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Home>Daily Capital>Investing & Markets>Markets Remain Unsettled Amidst Economic Uncertainties

Markets Remain Unsettled Amidst Economic Uncertainties

Capital Markets Perspective brings you what to watch in the markets this week, published in partnership with Great-West Investments.

Week in Review

April 9-April 17

Ahh, relief…(maybe?)

A gallon of regular gasoline now costs around $4.09, about 23 cents less than it did in the weeks immediately following Russia’s invasion of Ukraine[1]. That amounts to a drop of around 5% from the all-time record of $4.32, set in mid-March.

Indeed, the idea that Vladimir Putin’s influence over US gasoline prices might have already peaked featured prominently in last week’s mid-month update of consumer sentiment from the University of Michigan, which surprised everyone when it reported that consumers’ view the economy’s prospects had jumped more than 10% during the first two weeks of April[2]. While consumers continued to acknowledge strength in the jobs market, rising wages, and <…yawn…> other stuff that they would ordinarily care about, the per-gallon price of go-juice is what they seemed to be most focused on.

Maybe that’s not terribly surprising given that Americans spend around 9.5% of their retail spending budgets at the gas station (a figure that has recently run a little higher than that given the spike in gas prices.[3]) But it still seems a little premature for consumers to cheer quite so enthusiastically when you consider that the typical weekly variation for gas prices is around +/-2% under ordinary circumstances anyway[4].

More to the point, the survey period of the UofM’s survey just happened to correspond to a lull in crude oil prices that in turn might have been related to the Biden administration’s April Fool’s Day announcement that it would begin releasing a million barrels per day from the Strategic Petroleum Reserve as soon as May[5]. Not coincidentally, during the period between Biden’s SPR release announcement on April 1st and the period when the UofM’s survey period ended on April 12, oil prices averaged just under $99 per barrel; that compares to an average of around $108 during March, so the relief in oil prices was tangible, whatever its cause.

Of course, gasoline prices don’t follow crude oil prices in lockstep, but consumers who respond to surveys like the UofM follow headlines about gasoline and crude oil prices in as close to real-time as CNN and Fox News will allow. That leaves little doubt that at least some of last week’s improvement in consumer sentiment was related to optimism – warranted or not – surrounding gasoline and crude oil prices. But also not coincidentally, oil prices have since re-accelerated and are now back near the $108 level that prevailed through March – meaning that whatever relief consumers might have been feeling might also prove to be short-lived – especially if the violence in Ukraine continues or intensifies.

We’ll have a better idea about how durable the improvement last week’s consumer sentiment might be in a few weeks when the UofM releases its final read. And for what its worth, the professors who compile the survey (who tend to be kind of a dour group, if you ask me…) weren’t really all that moved by the improvement, pointing out that last week’s figure still leaves sentiment closer to recessionary levels than to boom times and that there are plenty of things (Putin’s war among them,) that could derail those gains[6]. So we’ll have to wait and see, I guess (but if you ask a professor at the UofM, the best you’re likely to get is a frustrated grumble.)

Much like those grumpy professors (but quite unlike their suddenly more upbeat consumer study-subjects,) small business owners are still in a funk. According to the national Federation of Independent Businesses, the number of small business owners who expect the US economy to improve in the next six months fell to its lowest level in history (and this from a survey that spans nearly a half-century of data collection![7]) That reflects the same list of old problems (labor availability, a lack of skilled workers) and a continuation of relatively new ones (supply chain stress and inflation) that have yet to relent, at least when seen through the eyes of small businesses. Moreover, the forces behind inflation aren’t really going away: 72% of small businesses are raising prices (another all-time record) and up to half expect to boost them again in the next three months. Little surprise, then, that “inflation” surpassed labor quality as the number-one concern for small businesses in March.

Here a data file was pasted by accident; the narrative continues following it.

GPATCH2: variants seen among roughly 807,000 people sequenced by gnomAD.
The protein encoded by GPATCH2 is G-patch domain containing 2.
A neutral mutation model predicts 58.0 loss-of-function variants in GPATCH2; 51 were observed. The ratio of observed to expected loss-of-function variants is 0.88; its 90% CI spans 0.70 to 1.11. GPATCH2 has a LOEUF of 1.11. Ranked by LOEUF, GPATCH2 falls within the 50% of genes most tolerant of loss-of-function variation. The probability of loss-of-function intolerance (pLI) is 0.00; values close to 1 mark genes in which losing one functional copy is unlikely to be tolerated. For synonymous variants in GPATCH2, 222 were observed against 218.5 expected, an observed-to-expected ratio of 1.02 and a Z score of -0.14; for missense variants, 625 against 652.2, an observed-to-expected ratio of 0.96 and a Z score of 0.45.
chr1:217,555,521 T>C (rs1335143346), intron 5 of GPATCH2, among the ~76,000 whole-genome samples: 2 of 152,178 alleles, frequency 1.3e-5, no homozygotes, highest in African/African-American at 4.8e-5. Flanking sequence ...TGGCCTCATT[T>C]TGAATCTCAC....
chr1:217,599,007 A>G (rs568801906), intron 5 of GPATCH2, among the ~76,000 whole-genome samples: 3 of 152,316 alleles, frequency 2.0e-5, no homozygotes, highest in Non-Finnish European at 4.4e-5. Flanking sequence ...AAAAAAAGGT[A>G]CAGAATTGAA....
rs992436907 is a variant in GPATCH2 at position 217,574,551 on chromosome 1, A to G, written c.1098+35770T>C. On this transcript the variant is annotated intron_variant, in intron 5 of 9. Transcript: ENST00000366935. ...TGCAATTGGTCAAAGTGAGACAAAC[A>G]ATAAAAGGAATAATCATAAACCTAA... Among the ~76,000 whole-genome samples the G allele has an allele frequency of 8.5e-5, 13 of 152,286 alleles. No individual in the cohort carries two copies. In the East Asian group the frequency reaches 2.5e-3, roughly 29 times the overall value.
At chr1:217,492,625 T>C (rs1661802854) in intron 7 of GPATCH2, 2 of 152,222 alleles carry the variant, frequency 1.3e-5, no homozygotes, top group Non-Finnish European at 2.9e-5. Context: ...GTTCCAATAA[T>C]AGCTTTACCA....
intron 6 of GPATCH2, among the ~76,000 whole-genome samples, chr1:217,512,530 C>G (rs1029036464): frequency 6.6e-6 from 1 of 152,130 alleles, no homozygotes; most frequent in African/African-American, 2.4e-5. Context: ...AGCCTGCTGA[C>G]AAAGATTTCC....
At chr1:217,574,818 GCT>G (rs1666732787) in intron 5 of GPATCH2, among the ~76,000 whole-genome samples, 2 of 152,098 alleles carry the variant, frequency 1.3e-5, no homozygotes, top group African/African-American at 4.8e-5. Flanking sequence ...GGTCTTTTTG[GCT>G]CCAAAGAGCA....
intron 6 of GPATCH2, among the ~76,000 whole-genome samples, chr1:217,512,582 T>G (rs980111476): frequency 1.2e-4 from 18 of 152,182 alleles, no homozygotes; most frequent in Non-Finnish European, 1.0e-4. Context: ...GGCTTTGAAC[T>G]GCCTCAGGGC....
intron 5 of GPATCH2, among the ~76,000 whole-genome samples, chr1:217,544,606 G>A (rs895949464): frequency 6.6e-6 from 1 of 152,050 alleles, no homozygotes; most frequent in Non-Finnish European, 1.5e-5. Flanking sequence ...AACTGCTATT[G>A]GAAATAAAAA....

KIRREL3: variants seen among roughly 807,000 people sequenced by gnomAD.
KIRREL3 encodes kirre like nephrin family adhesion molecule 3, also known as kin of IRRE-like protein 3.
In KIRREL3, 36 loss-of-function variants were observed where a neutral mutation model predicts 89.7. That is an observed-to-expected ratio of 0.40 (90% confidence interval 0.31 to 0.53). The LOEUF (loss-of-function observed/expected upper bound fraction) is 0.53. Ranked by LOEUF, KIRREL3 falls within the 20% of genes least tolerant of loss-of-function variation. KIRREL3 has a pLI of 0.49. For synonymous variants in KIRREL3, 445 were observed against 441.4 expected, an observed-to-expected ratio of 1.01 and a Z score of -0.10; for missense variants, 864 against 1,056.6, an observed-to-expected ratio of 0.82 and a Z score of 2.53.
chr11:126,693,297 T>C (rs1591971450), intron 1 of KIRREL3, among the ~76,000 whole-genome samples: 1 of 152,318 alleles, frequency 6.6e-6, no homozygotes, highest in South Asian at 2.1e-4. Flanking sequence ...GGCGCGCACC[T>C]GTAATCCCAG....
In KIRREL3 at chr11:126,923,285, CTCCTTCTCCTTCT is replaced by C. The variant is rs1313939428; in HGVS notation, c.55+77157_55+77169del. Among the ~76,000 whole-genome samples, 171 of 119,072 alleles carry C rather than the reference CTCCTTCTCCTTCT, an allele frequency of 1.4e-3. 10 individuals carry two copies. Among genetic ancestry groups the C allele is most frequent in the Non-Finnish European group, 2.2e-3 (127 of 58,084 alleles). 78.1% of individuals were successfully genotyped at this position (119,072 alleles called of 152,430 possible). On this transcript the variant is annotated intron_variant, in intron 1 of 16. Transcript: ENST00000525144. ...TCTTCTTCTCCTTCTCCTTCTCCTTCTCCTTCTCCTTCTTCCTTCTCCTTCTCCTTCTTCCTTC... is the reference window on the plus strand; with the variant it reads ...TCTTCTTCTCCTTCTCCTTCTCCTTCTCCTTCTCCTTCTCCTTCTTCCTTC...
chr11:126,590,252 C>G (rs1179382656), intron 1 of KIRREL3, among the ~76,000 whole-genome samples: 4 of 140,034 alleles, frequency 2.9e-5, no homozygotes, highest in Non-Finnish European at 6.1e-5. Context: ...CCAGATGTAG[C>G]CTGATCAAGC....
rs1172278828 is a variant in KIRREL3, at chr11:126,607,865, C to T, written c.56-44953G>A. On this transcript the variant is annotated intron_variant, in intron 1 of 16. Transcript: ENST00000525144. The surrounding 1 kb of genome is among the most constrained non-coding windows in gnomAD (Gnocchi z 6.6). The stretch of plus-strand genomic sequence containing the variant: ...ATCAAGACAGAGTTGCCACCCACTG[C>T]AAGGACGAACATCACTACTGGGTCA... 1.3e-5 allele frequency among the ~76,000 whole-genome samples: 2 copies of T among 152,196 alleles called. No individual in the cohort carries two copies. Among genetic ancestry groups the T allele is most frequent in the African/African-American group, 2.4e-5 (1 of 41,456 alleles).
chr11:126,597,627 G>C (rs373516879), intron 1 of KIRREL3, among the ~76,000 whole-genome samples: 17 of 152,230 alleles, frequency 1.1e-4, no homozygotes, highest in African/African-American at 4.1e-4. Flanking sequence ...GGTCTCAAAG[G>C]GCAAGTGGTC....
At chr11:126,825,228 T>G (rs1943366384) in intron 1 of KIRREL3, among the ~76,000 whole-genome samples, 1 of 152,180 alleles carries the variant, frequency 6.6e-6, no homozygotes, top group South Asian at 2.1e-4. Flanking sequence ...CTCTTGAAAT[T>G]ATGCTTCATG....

That exact sentiment – that prices may have to go still higher before things finally cool down – also featured prominently in another business-focused survey we got last week: the Atlanta Fed’s business inflation expectations survey[8]. According to that data, businesses are saying that inflation is likely to continue to rise at survey-topping rates for at least the next 12 months, led by both labor- and non-labor costs. But a relatively new entrant into the “this is why inflation is rising” derby is the need to defend profit margins: according to the Atlanta Fed’s data, more businesses cite that influence as a significant contributor to inflation than at any other time during the 10-year history of the project.

…Which brings us to our last point in this week’s review: earnings. As we’ve written before, profit growth has to remain strong if markets and the economy are to remain healthy. As usual, big financial companies were first out of the gate with first quarter earnings from the likes of Citigroup, JPMorgan, Goldman Sachs, Morgan Stanley and a handful of others at the end of last week. Results have so far been mixed: a few beat expectations easily while others stumbled. One consistent theme, though, seemed to be that banks are setting aside bigger chunks of capital to cover losses that might result from economic uncertainties like Ukraine-related difficulties, COVID-related shutdowns in China and/or a more general economic slowdown at some point in the future. Whether or not that turns out to be prescient or simply prudent might say a lot about what happens to the economy from here.

What to Watch This Week

April 18–23

Notable economic events (April 18– 22)

Monday: NAHB builder sentiment; Earnings: BAC, JBHT

Tuesday: Housing starts/permits; Earnings: NFLX, IBM, HAL, PLD

Wednesday: Existing home sales, EIA inventories, beige book; Earnings: TSLA, CSZ, UAL, SAVE, CVNA

Thursday: Weekly jobless claims, Philly Fed, Leading Economic Indicators; Earnings: AAL, PM, UNP, FCX, AN

Friday: Flash PMIs; Earnings: SLB, KMB